Kettlebells are now available in many well-equipped gyms all over the place. But just a couple a years ago their precense was hardly known.
So what is a Kettlebell? Where does it come from? Why train with kettlebells?
Kettlebells originated in Russia and is simply a heavy ball with a handle on.
But although kettlebells have been used in the Baltic countries for many decades now, it took a while before they were discovered in the West. Actually it was practitioners of martial arts that discovered the benefits of Kettlebell training.
What separates Kettlebells from other gear is asymmetry, that is to say that the ball weight center is separated from the handle (which is not the case with a conventional dumbbell). This gives the Kettlebell ball unique features in functional training.
The most common and most basic exercise to perform with a kettlebell is a so-called double-hand KB swing.
Here the focus is on what is important in most kettlebell exercises, namely the use of hips and in one explosive motion, swing the Kettlebell ball to shoulder height.
In the bottom position, the body is in a position which can be likened to a "loaded bow, when pulled back." From this position, with legs slightly bent and your upper body slightly leaning forward with a neutral bend in the back, we humans are very explosive. In this situation, we tense, or tighten some of our largest and most powerful muscles in the back of the legs, buttocks and back.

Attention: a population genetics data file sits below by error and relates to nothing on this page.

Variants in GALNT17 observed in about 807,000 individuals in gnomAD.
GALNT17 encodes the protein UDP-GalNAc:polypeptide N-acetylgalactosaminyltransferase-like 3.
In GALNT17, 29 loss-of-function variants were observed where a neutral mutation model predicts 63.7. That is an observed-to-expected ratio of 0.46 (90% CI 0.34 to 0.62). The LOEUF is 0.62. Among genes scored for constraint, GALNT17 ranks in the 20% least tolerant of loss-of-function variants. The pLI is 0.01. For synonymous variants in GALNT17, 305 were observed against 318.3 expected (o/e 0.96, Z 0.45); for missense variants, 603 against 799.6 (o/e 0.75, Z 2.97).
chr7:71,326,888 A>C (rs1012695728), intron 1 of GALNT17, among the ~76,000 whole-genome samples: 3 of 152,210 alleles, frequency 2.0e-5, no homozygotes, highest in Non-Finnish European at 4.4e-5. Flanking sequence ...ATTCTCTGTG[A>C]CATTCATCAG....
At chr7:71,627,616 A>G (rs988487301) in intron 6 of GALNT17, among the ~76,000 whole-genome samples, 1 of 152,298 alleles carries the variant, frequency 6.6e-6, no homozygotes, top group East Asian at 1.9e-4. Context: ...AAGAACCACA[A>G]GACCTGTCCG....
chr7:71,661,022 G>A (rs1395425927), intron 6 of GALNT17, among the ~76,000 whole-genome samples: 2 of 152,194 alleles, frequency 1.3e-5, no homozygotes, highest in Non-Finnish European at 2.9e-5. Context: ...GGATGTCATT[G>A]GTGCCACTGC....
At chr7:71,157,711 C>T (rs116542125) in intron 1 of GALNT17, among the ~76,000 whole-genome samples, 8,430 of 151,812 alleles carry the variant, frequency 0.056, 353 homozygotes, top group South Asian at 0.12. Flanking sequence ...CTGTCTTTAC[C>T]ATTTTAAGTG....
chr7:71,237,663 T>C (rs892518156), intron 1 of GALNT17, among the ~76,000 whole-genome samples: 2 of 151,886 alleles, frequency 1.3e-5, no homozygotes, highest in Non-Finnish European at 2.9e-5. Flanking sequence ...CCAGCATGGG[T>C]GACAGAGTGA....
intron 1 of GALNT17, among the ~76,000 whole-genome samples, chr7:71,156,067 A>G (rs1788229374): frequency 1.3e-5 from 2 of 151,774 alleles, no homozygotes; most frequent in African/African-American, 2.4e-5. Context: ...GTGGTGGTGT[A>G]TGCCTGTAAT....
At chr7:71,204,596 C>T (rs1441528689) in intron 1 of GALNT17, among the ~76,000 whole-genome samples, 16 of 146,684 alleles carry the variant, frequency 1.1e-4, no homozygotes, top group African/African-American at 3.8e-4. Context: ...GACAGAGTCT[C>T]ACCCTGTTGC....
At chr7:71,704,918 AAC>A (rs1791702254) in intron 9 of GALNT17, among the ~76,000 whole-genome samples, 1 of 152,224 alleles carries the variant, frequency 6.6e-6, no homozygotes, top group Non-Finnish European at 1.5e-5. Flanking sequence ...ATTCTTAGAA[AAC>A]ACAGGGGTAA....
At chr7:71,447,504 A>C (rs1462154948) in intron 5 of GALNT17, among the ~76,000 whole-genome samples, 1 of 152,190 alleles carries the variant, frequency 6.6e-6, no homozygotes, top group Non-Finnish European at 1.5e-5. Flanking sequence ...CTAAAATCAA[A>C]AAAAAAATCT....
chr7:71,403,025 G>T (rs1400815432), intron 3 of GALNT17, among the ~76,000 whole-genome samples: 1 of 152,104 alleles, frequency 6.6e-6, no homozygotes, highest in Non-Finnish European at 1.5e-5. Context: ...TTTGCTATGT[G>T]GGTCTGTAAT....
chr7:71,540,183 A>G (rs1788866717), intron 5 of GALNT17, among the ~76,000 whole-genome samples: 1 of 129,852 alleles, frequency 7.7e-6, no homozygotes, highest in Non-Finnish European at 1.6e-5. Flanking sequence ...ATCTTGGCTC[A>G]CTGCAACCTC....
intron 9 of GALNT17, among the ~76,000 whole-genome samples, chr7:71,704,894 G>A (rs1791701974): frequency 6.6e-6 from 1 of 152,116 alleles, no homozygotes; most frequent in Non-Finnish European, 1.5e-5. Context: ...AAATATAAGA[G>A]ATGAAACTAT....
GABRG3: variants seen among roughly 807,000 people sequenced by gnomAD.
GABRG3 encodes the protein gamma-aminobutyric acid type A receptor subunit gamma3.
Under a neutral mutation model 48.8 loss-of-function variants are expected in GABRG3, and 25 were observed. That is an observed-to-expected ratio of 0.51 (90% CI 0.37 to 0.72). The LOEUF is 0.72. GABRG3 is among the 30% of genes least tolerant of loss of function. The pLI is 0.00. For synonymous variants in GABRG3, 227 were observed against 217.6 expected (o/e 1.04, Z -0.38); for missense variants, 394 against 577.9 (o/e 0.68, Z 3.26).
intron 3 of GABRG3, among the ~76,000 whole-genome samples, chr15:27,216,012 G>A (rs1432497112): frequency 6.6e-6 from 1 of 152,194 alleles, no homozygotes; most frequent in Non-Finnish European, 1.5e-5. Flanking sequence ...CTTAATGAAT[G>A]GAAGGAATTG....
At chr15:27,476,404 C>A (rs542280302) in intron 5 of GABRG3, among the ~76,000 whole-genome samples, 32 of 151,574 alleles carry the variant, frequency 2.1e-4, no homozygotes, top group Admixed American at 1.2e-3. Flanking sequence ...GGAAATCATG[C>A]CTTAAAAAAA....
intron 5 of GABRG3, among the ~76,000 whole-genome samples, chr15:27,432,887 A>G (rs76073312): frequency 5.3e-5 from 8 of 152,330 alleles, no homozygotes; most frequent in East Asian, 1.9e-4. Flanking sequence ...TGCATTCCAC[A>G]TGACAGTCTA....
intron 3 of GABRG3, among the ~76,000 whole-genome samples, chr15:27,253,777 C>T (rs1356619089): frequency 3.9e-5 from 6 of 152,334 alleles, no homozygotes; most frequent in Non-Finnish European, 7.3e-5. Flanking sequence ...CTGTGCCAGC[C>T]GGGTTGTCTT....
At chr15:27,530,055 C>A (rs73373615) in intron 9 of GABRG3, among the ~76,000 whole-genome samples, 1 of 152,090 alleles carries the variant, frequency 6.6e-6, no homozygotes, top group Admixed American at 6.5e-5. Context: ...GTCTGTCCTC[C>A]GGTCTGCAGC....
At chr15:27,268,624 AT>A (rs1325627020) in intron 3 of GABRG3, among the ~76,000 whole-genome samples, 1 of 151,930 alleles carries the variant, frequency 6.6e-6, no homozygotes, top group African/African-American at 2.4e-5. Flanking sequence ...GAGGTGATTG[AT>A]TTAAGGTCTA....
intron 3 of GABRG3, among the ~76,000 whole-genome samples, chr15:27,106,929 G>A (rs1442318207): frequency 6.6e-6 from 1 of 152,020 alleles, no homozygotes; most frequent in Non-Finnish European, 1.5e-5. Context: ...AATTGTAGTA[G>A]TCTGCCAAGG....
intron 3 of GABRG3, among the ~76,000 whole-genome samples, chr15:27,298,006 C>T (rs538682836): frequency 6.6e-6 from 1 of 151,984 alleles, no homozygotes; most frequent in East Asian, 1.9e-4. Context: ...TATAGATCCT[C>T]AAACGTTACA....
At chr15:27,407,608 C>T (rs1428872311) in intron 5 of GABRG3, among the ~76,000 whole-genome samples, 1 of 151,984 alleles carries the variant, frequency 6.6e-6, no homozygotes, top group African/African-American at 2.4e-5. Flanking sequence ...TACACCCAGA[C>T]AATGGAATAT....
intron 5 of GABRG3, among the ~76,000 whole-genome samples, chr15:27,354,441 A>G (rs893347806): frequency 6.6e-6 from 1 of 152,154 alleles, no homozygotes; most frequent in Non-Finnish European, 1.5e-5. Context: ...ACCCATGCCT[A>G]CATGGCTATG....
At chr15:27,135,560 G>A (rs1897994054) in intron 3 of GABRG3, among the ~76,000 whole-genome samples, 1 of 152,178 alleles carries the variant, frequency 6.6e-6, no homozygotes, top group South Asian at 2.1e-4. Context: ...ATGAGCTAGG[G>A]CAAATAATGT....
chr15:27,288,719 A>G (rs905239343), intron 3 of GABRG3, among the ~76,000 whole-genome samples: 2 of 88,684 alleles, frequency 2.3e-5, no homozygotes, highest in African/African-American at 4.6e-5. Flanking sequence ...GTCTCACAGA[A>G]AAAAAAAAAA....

By explosively propel your hip forward, we can swing the ball at shoulder height. Then drop the ball and return to start position. Don't try to brake the motion of the swining ball, just let it fall instead. Believe me this is not so easy, but you learn it fast.
Your arms should be kept straight throughout the exercise, and loosent your arms. The ball should "hang and dangle" in the arms. Only the hands should be holding the ball in a tight grip.
When you do it, try not to go for the lighter ball. With an easy ball we tend to pull it up with our arms instead of using the big strong butt and leg muscles.
The greatest risk of injury from Kettlebell training comes from poor posture. To maintain a neutral lumbar region of your back through the whole exercise is therefore very important.
To train with kettlebells is pulse-pounding, it burns fat, builds muscle and provides core stability. It is simply very good workout.
Kettlebell training provides a strong positive effect on muscle-related pain in the back and neck area.